CFA’s Gardner Read dies at 92
Prolific composer wrote nearly 200 works
Gardner Read, an influential composer and retired CFA faculty member, died in November at age 92. Photo by Fred Sway
Gardner Read, 92, a College of Fine Arts professor emeritus of music who composed nearly 200 pieces in his 70-year career, died on November 10 from complications of pneumonia.
Read taught in the school of music for 30 years, influencing many young musicians and helping them develop their own composition styles through his understated teaching methods. His colleagues describe him as a listener who truly cared about helping his students explore their own musical interests.
“He always adjusted his ideas to be as helpful as possible and did not try to remake students into clones of himself,” says CFA Professor of Music Joel Sheveloff, winner of the 2004 Metcalf Cup and Prize for Excellence in Teaching. “That can’t be said for all the composition teachers in America. It was one of his most important characteristics; it informed almost everything he did.”
Read was born in Evanston, Ill., and studied at Northwestern University and at the Eastman School of Music at the University of Rochester. A prolific and versatile composer, his works include an opera on the life of the poet Francois Villon and an oratorio based on Kahlil Gibran’s The Prophet. He also wrote numerous books on instrumental techniques and orchestration.
Holly Mockovak, the director of the University’s music library, knew of Read’s work, but had not heard his compositions until a group of musicians performed his work at the Tsai Performance Center in 1998 in celebration of Read’s 85th birthday. “It’s something that rolls over you like the ocean,” she says. “If one were going to hear the music of Gardner Read, hearing it live on the first pass is certainly the way to go.”
Mark Kroll, a harpsichordist and CFA professor emeritus of music, has performed Read’s Fantasy Toccata for Solo Harpsichord at venues all over Europe. “The harpsichord has a limited palate of colors, but he really got some great sounds out of the instrument,” Kroll says. “There are a lot of contemporary pieces that I’ve tried, but I don’t play very often because they’re very hard but not very interesting. This had all the elements. It makes the audience happy, and that’s really important.”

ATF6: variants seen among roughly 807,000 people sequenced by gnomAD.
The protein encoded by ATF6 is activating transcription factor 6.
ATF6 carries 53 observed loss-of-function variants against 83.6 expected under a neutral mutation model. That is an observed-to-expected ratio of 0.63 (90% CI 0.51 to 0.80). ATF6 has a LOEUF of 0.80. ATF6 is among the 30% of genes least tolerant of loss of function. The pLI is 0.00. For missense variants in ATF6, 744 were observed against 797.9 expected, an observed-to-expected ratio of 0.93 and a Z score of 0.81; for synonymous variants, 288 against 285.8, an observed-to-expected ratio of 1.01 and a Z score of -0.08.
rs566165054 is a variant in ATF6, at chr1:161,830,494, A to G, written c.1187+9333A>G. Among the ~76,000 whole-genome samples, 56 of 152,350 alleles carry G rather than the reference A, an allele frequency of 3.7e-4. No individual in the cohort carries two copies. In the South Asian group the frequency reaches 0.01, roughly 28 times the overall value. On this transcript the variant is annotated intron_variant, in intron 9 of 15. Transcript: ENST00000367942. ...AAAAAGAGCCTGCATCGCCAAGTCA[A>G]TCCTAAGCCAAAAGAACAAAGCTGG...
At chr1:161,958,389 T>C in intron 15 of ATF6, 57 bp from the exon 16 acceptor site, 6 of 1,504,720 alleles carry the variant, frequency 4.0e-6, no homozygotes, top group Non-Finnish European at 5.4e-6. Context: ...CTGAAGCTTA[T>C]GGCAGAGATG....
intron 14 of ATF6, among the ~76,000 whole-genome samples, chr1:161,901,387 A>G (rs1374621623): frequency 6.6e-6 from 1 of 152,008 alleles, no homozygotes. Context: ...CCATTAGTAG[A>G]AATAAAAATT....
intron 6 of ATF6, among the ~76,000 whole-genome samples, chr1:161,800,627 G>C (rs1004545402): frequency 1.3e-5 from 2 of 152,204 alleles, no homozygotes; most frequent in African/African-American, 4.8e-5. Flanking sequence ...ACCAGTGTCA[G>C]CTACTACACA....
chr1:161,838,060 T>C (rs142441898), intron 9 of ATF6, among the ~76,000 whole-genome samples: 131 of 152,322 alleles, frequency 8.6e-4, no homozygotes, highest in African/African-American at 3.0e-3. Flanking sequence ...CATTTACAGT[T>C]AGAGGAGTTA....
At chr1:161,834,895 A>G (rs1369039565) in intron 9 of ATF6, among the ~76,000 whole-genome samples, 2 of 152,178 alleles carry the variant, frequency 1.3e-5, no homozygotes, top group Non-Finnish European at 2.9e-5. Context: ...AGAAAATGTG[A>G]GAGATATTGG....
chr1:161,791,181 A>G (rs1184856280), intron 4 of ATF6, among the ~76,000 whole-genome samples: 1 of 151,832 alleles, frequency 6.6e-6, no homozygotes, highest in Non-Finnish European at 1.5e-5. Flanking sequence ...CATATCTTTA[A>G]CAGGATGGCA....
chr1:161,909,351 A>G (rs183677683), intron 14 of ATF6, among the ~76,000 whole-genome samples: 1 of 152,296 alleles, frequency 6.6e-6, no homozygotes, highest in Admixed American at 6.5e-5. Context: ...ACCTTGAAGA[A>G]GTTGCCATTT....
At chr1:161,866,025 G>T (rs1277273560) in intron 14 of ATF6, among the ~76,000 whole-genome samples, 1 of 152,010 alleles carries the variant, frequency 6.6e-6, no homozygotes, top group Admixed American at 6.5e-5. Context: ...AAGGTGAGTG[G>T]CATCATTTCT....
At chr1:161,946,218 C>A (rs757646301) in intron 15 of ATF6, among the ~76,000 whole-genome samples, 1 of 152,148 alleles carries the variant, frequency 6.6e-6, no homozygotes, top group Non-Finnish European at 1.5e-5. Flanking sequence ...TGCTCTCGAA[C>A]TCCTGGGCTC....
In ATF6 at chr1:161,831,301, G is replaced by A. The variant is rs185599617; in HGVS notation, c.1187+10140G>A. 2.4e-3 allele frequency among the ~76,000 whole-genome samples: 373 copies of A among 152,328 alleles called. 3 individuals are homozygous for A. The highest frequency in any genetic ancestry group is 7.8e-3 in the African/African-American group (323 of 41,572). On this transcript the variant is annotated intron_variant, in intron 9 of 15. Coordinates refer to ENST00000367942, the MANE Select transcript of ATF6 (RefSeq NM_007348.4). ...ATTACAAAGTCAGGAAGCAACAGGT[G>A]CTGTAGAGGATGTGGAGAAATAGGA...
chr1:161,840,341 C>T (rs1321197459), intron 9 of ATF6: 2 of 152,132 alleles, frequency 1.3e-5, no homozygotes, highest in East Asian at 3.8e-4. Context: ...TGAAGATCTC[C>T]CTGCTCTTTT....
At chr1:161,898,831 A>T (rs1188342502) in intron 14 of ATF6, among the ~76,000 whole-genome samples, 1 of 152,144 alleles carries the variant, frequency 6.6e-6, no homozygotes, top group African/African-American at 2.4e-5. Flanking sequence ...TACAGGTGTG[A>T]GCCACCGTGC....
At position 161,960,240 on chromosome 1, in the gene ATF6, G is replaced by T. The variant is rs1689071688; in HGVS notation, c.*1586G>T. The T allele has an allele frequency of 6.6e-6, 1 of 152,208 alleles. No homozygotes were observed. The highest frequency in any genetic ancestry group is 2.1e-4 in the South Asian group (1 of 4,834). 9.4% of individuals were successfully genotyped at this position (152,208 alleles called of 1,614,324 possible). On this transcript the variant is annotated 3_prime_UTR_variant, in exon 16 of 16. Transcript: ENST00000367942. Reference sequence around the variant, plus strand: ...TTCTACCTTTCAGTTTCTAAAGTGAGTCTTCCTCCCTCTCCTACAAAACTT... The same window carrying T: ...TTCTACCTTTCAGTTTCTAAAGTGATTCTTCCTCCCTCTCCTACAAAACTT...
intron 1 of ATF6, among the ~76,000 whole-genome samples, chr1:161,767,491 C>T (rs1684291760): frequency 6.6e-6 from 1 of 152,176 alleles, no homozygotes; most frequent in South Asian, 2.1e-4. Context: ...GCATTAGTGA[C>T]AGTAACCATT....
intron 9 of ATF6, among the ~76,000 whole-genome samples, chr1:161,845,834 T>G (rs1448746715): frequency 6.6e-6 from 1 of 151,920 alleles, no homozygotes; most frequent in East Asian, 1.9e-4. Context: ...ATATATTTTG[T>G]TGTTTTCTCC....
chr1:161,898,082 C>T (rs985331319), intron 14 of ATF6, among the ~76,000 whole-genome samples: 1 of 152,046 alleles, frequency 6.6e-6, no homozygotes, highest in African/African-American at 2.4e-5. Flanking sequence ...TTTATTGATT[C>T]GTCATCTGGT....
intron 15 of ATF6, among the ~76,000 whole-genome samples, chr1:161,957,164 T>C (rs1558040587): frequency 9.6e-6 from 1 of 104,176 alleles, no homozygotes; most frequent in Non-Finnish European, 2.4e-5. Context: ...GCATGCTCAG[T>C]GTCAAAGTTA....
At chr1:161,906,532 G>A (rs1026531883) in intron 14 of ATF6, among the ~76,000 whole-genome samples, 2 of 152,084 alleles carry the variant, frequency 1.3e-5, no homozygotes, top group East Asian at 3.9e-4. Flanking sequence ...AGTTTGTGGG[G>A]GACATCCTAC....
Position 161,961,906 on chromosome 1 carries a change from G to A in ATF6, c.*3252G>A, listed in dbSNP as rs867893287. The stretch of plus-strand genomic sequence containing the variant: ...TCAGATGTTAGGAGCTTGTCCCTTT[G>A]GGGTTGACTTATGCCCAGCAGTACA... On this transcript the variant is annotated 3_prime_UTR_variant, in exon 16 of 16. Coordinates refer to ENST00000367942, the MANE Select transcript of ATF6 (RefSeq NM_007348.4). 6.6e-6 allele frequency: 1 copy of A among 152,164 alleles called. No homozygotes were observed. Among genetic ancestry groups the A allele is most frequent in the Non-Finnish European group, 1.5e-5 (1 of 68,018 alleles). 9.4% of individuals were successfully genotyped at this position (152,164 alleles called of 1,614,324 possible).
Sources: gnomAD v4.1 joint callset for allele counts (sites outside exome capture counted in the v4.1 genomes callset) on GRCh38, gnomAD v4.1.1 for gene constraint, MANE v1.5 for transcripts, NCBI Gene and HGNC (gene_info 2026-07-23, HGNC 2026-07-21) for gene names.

Read is survived by his daughter, Cynthia, of Ossining, N.Y.
Today, December 7, 2005
Composer of 'modern classicism'
The American lexicographer Nicolas Slonimsky, editing successive editions of Baker's Biographical Dictionary of Musicians, developed the reputation of being able to put his finger on a composer's outlook and output in just a sentence or two. And a summation such as this a man could be proud of:
In American music, the name of Gardner Read is synonymous with the best traditions of modern classicism and inspired romanticism. His music possesses an aura of artistic dignity and the power of direct communication to the listener.
Read himself expressed his aims pithily enough:
I despise music that is gimmicky or jumps on a bandwagon. I like to solve puzzles or problems in pieces of music, always striving to make them expressive, lyric, melodic, and harmonically intriguing.
He confessed that his wife, the pianist Vail Payne, was always after me to write easier music. But I don't set out to be difficult; it says what I want it to say, and sometimes just turns out difficult.
John McDonald, a composer-pianist colleague at Tufts University who has recorded a CD of Read's piano music (as yet unreleased), feels that his work distilled many influences, especially from the early 20th century, but there is a very big romantic strain in his music, almost like Rachmaninov on steroids. There is also a streak of Americana, of Coplandesque harmony. Binding everything together is an extraordinary degree of integrity and of craftsmanship.
Born in Evanston, Illinois, Gardner Read studied piano and organ while still a high-school student and visited Northwestern University in his home town for instruction in composition and counterpoint. In the summers of 1932 and 1933 he attended the National Music Camp at Interlochen, Michigan, studying composition and conducting. (He returned there as a tutor in 1940.)
In 1932 Read's prospects moved several rungs higher when he won a four-year scholarship to the Eastman School of Music in Rochester, upstate New York; there he sat at the feet of Bernard Rogers and Howard Hanson. Six years later a Cromwell Traveling Scholarship brought him to Europe and studies with Ildebrando Pizzetti in Rome - and, briefly, with Sibelius in Finland before war descended on the continent. He added another illustrious name to his list of teachers in 1941 when a further scholarship allowed him to attend Aaron Copland's classes at the Berkshire Music Center in Tanglewood.